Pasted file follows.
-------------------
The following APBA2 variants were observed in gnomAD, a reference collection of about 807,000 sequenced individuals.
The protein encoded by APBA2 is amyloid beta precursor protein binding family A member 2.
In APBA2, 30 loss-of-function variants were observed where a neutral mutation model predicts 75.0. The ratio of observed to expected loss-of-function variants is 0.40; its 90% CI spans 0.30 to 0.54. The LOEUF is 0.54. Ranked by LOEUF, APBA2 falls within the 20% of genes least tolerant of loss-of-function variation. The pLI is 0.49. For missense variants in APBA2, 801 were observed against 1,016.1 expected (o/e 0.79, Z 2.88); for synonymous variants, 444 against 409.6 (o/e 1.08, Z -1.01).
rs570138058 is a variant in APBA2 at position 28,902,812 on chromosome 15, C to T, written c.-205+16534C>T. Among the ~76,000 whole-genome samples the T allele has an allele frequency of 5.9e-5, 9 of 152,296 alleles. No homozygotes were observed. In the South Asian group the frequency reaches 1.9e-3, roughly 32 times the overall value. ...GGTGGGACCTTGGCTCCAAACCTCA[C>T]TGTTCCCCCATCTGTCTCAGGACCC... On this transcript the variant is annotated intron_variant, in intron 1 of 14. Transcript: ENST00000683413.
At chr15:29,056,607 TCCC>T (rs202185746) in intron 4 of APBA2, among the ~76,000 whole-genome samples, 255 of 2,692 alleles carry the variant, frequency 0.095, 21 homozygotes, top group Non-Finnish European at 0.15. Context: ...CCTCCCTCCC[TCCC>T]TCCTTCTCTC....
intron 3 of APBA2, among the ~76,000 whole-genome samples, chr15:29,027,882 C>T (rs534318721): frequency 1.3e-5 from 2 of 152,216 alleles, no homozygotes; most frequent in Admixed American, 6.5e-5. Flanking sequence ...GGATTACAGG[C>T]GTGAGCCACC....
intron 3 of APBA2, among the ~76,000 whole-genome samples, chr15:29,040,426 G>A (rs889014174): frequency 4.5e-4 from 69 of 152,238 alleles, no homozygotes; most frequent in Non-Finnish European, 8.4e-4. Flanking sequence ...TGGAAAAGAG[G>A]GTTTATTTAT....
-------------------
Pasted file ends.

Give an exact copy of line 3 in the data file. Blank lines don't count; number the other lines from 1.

In APBA2, 30 loss-of-function variants were observed where a neutral mutation model predicts 75.0. The ratio of observed to expected loss-of-function variants is 0.40; its 90% CI spans 0.30 to 0.54. The LOEUF is 0.54. Ranked by LOEUF, APBA2 falls within the 20% of genes least tolerant of loss-of-function variation. The pLI is 0.49. For missense variants in APBA2, 801 were observed against 1,016.1 expected (o/e 0.79, Z 2.88); for synonymous variants, 444 against 409.6 (o/e 1.08, Z -1.01).